3. place sliced lemon in belly and head section
  4. cut onions and place along side lemon
  5. sear ti leaves over stove to wilt it. place it on thick foil
  6. place fish on ti leaves seal sides but leav top open to permit steaming. place about 2 tablespoons of water within ti leaves. This will create sufficient gravy and keep fish moist
  7. steam for about 20 minutes. After initial steaming lower flame to medium. 

Note! When you don’t have a cover for steamer, seal tight with foil.

  1. Note! when you don’t have a cover for steamer, seal tight with foil.

Clam Spaghetti November 12, 2008

Posted by marksun in pasta, seafood.
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Wrote this down in Feb 81and we still have this a couple of times a month, though Doris has taken over the prep with her own variations.  I started out with canned clams but now we use live manilla clams you buy at Times or Safeway, with a can of chopped clams to beef it up.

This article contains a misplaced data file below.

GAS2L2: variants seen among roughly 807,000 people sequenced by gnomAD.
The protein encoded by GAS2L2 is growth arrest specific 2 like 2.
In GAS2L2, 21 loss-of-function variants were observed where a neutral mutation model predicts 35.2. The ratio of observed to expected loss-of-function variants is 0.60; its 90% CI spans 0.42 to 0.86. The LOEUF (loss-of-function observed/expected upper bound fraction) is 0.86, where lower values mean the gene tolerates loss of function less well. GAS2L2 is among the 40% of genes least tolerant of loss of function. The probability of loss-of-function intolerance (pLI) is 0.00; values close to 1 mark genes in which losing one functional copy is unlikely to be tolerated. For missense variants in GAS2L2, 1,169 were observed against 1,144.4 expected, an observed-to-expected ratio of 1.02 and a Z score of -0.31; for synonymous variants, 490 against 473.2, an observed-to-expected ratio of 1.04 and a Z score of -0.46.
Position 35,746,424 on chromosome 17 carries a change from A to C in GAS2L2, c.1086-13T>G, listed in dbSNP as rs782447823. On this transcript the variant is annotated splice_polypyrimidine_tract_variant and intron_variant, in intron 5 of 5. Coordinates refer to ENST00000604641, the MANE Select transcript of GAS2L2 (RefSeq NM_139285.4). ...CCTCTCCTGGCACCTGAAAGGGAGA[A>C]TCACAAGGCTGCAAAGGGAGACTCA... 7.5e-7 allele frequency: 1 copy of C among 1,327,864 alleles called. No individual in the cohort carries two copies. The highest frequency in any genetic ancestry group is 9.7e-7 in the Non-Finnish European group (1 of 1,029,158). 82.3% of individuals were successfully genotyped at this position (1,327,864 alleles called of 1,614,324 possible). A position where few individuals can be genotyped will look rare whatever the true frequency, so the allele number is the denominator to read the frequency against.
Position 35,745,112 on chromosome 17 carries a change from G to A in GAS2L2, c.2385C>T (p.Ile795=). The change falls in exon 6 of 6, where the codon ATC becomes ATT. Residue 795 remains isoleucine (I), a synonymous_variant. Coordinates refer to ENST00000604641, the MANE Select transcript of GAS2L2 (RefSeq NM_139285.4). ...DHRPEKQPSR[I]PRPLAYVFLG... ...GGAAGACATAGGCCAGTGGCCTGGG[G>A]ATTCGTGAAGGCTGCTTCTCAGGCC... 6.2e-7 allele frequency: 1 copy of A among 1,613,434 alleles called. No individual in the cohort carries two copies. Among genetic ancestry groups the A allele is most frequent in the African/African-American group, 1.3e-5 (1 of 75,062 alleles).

If you use live clams, scrub them and wash them well first to get the sand out.  To prepare them for this dish,  in a big enough skillet on medium heat, add the clams with 1/4 inch of water and a little wine if you like, and cook covered until the clams pop open. Put aside as they pop open to keep them tender , then cook as below.  Clams being clams, eat unopened, lifeless, or old clams at your peril.

  • 1 can clams or any other shellfish with juice
  • handful fresh parsely chopped
  • 2 cloves garlic diced fine
  • (optional) canned or fresh mushrooms, fresh diced tomatoes
  • 1/4 C (or more) olive oil
  • In olive oil, saute garlic and mushrooms

add clams and juice and cook for 1 minute 
Add parsely and wilt in the pan, then serve on pasta with parmesan cheese

Fish Provencale November 12, 2008

Posted by marksun in fish, seafood.